Last updated in December 2020
It is not easy to figure out whether you should pay off debt or invest your money instead. On one hand, you could finally be debt free. But on the other hand, you could take advantage of low stock prices or compound interest.
How can you find out which decision is right for you? There are few factors to take into account but oftentimes, the answer may be more obvious than you think.
Monethalia does not offer financial advice. Should you take any action based on the information provided, Monethalia will not be liable for the outcome.
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Should you pay off debt or invest your money?
A lot of people have both savings and debts and do not even seem to be bothered by this fact. Unaware that they are losing money by the day, they live their lives in blissful ignorance. This is not what effective money management should look like, and it may be time for these people to rethink their finances.
First of all, before you consider whether you should pay off debt or invest, you should build an emergency fund. This will protect you if anything goes wrong. If your debt has a high interest, you may want to start with a small emergency fund and build it up over time.
Subsequently, you can consider a number of other factors that will help you to make a decision:
- Interest vs. fund growth
- Psychological factors
Interest versus fund growth
The most decisive factor of whether you should pay off debt or invest is the interest rate. There are two numbers you need to take into account:
- The interest you pay on your debt
- The interest you make from your potential investment
If the interest on your debt is higher than the amount you can expect to make from investing money, you should prioritise repaying your debt. This will almost always be the case unless you have a very low-interest debt.
If you invest in index funds, you can assume an interest of 7% on average. Please note that in some years your fund will grow more but you should nonetheless use 7%. Savings accounts traditionally pay very low interest rates and as such, it is almost always more effective to pay off your debt.
You may be lucky to pay a very low interest rate on your debt, for example, mortgages or interest-free loans. In these cases, it makes sense to invest from a purely financial perspective.
Pay off debt or invest: Security
However, interest rates alone are not the only factor to consider. One important point is that investments can go up and down over time. Even index factors can have a long-term decline in value during prolonged economic recessions.
During economic downturns, you still need to make your debt repayments. Should you need to access your investments during one of these times, you are bound to be left with a loss. This loss may be large enough to nullify any gains from investing over paying off debt, leaving you down overall.
Therefore, investing over paying off your debt does not come without risk. A well-funded emergency fund and other cash savings are the most effective way to manage this risk. However, here you have to keep in mind that cash savings generally earn low interest which means it would be financially more effective to pay off your debt first.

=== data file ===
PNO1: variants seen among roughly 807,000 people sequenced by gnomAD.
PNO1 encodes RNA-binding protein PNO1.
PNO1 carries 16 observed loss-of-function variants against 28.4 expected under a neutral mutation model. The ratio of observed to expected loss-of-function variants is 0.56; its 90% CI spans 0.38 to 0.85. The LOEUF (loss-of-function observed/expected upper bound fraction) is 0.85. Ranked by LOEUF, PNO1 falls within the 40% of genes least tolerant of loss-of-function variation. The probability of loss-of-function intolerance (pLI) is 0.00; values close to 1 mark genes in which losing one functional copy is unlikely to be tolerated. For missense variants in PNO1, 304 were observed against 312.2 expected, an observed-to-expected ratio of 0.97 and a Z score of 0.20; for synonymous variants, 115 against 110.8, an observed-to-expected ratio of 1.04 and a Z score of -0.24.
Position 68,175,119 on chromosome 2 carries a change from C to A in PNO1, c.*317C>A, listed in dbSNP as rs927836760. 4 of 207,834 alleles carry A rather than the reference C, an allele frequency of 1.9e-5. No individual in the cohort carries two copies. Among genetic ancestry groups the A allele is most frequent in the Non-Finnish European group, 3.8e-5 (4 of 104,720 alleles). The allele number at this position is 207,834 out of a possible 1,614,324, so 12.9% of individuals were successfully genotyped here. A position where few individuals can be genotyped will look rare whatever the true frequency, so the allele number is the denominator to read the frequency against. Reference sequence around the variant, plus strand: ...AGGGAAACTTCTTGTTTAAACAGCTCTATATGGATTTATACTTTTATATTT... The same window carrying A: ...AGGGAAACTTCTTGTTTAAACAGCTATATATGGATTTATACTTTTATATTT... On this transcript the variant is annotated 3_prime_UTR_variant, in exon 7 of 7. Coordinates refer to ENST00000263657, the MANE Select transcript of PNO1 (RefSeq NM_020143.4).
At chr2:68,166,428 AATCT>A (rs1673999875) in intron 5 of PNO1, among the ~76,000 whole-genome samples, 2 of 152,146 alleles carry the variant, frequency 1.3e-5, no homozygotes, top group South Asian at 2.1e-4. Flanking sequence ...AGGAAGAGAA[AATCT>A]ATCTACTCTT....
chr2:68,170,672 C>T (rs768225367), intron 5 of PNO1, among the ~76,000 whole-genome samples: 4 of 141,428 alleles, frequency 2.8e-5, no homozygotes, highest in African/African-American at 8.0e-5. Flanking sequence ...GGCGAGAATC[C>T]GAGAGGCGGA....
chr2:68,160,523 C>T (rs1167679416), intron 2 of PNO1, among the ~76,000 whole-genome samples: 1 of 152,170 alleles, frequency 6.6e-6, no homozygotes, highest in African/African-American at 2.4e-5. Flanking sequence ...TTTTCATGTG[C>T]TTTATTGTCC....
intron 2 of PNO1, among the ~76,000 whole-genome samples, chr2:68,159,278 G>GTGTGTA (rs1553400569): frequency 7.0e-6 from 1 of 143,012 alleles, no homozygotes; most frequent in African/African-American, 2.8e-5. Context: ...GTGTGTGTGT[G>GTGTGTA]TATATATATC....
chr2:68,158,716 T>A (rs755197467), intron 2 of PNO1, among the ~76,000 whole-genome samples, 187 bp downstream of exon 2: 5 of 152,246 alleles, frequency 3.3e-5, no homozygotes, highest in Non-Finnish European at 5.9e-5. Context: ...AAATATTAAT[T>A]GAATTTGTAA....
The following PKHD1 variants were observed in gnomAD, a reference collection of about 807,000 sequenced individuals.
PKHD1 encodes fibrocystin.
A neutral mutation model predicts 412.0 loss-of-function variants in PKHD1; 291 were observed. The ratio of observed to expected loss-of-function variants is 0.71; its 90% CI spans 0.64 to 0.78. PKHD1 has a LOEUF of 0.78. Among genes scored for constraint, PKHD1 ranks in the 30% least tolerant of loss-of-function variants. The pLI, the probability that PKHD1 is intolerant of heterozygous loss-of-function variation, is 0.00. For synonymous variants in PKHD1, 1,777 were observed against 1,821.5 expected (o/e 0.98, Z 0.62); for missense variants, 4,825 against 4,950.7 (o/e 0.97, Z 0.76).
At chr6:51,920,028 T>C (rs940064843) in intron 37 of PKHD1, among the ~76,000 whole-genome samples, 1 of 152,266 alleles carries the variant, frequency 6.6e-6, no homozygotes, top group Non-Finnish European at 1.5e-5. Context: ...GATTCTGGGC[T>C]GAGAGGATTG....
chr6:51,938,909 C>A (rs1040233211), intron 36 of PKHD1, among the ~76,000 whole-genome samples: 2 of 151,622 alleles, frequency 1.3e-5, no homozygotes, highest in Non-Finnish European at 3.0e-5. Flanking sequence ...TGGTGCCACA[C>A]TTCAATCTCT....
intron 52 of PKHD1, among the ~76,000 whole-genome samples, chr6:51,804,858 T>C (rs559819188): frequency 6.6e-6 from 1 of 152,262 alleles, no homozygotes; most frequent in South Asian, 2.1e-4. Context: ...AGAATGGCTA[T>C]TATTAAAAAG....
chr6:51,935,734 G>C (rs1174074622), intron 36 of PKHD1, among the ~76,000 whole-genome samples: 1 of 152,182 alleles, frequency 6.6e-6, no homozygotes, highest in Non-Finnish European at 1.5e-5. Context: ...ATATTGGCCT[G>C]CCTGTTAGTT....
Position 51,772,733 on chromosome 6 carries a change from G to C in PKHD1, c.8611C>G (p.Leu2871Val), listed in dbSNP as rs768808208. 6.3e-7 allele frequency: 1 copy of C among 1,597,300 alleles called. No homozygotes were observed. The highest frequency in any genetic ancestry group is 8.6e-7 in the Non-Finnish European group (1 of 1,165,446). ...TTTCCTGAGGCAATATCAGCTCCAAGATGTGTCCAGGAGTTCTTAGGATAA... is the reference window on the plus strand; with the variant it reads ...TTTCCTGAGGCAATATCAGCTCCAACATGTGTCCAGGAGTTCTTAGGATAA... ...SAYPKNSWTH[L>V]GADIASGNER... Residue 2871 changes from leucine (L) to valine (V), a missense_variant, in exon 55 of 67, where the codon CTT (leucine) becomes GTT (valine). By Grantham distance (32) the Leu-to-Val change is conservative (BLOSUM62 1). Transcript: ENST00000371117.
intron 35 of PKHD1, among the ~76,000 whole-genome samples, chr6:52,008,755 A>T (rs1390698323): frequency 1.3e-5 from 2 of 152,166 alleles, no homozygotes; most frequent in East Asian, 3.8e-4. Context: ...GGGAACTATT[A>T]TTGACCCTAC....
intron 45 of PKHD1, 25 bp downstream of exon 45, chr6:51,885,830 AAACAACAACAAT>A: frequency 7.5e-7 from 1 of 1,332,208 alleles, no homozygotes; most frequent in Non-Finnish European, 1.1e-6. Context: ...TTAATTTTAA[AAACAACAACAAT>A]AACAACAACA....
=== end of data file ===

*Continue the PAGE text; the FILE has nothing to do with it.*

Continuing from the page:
Access to money is a related issue to security. You cannot access any money that has been used to repay debts. However, investments can be accessed at any time (unless you invest in property, etc.), even if you end up with a loss.
In an emergency, you could potentially ask your lender to reduce your monthly repayment rate. This would mean you are paying off your loan over a longer period of time. Thus, you also pay more total interest. But at least you have money to feed yourself and keep a roof over your head.
However, if you had paid off your loan, you could simply take out another to cover your emergency. There is no right or wrong way to look at it. Whether you prefer to pay off debt or invest is a matter of personal preference in regards to accessibility.
Security and accessibility can be seen as an advantage or disadvantage depending on your personal situation. It is therefore important to consider both points carefully.
People often prefer to be safe and the mental burden that comes with having debt can be damaging. In fact, this damage can impact your daily life and go as far as turning into depression. Therefore, if you find your mental health to be affected, it is always better to pay off debt than to invest, regardless of interest rates.
Many people find starting investing daunting. There are many different options available, such as single stocks are investment funds. Additionally, you will also need a broker, such as SoFi. But this does not mean that investing is complicated, you can simply follow my guide.
Should you pay off debt or invest your money? Summary
When making the decision of whether to pay off debt or invest, interest rates are the most important factor. If the interest rate of your loan is higher than the anticipated growth of your investment, you should always pay off your debt first.
There are a number of other factors you may wish to take into account, such as security and accessibility. Additionally, mental health is another important point that you should take into consideration.
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